“MongoDB” as the name suggest, is a database that can be used to store data and apply other operations on the data later on. It is not a relational database like (MySQL, Oracle, MSSQL etc), but it provides all the basic operations that eases developer’s life in playing with the stored content. The name is a bit funny for me when I first heard it, but really it is built on some serious concept that opens number of questions of something alternative of relational databases. The concept is of NoSql / non-relational database.
MongoDB (from "humongous") is a scalable, high-performance, open source, document-oriented database. Written in C++
RDBMS has ruled the database world alone for a long time and always remains the only option for most of the software industry to go for it as their first option. Yes, lots of questions are there to choose which RDBMS to use and how the data will be structured within it. With some powerful concept of querying, maintain the integrity, indexing of data etc within RDBMS how come MongoDB’s concept will compete with it? What is the concept on which MongoDB is built? Is MongoDB fully replaceable to RDBMS? Are there other databases built on the same concept? Many more questions are there in this debate, so just have a look how MongoDB is different from relational databases.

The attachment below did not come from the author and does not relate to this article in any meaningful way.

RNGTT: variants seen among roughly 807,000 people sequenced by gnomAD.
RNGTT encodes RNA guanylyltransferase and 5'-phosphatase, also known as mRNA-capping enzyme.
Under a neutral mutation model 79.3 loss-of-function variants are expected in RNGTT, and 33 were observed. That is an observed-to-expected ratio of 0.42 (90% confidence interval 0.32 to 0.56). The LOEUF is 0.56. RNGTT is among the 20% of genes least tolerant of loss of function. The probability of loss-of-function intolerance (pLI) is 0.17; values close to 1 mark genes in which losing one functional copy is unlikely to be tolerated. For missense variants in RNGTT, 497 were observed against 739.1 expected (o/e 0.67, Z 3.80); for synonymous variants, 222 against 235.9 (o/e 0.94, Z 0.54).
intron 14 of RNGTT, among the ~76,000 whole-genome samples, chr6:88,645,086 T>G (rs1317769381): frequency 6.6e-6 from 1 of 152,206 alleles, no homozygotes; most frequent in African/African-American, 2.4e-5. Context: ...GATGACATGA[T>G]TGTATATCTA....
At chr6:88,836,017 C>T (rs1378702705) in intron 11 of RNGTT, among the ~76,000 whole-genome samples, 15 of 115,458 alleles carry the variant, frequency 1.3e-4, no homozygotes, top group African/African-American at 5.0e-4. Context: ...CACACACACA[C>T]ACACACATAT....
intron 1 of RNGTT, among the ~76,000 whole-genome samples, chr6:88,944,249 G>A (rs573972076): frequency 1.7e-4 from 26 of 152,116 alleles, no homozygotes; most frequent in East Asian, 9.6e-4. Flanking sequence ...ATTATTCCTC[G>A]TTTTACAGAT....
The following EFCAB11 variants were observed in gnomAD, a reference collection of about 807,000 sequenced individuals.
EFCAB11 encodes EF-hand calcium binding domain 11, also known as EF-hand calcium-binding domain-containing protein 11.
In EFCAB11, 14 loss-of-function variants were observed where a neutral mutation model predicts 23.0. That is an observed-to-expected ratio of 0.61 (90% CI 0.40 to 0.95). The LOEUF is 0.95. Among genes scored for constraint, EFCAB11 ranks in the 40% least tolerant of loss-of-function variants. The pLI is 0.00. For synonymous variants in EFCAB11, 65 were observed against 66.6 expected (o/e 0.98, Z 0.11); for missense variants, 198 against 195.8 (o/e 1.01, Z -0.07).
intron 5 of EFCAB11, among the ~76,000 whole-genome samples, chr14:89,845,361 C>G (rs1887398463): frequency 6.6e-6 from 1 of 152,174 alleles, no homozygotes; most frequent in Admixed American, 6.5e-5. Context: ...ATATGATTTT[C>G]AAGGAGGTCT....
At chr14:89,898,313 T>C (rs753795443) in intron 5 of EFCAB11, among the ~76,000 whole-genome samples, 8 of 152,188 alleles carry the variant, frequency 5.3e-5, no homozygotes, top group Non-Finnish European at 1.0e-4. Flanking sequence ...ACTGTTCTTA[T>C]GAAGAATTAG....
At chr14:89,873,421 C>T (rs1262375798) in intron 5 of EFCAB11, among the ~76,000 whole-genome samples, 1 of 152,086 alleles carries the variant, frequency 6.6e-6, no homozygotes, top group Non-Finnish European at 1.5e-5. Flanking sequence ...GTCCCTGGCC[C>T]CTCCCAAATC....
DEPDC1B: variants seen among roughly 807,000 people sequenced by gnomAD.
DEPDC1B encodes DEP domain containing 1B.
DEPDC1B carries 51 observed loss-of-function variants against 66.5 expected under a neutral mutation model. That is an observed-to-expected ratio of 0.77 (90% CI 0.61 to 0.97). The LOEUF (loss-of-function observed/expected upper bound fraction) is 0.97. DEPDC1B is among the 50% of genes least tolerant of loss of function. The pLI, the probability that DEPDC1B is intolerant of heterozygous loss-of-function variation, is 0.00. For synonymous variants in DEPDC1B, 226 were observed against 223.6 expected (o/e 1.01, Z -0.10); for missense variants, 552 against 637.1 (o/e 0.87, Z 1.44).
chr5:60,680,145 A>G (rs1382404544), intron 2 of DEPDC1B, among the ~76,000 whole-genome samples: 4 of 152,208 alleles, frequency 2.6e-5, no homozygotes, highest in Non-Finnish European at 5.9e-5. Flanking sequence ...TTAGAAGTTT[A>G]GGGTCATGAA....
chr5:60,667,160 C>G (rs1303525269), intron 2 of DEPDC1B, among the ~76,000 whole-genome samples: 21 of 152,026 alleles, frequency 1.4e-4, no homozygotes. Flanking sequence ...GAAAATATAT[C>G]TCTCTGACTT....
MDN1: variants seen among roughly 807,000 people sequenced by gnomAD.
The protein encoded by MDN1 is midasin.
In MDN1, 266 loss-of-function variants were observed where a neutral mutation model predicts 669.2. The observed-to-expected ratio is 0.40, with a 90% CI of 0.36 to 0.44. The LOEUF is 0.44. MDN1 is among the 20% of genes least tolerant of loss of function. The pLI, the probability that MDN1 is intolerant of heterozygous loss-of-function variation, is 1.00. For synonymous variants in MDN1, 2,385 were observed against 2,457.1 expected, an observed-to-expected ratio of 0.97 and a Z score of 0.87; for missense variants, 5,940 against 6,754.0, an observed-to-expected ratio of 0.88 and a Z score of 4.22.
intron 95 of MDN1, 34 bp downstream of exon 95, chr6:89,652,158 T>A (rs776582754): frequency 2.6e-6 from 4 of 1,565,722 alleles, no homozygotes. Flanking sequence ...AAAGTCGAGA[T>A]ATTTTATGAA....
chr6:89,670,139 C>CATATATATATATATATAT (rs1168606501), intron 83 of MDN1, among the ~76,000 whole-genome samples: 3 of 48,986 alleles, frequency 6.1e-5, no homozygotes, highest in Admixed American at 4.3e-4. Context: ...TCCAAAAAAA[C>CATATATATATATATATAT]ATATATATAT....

MongoDB store data in documents. Yes, a document that have key-value pair. There is a predefined structure of MongoDB that starts with Database -> Collections -> Documents & -> Fields. So there is not any brainstorming sessions on how to structure our data. Just answer “How many collections do we have, and what are they? “.
One of the most important features of MongoDB is that it provided Indexing on data. This feature makes it different from other No SQL databases. It also support to query data from database.
If you're moving to MongoDB from a relational database, you'll find that many SQL queries translate easily to MongoDB's document-based query language.
Other important features include Replication, Auto-Sharding, Batch Processing etc. Detail of each feature will be part of other posts as soon as I explore them and create some examples.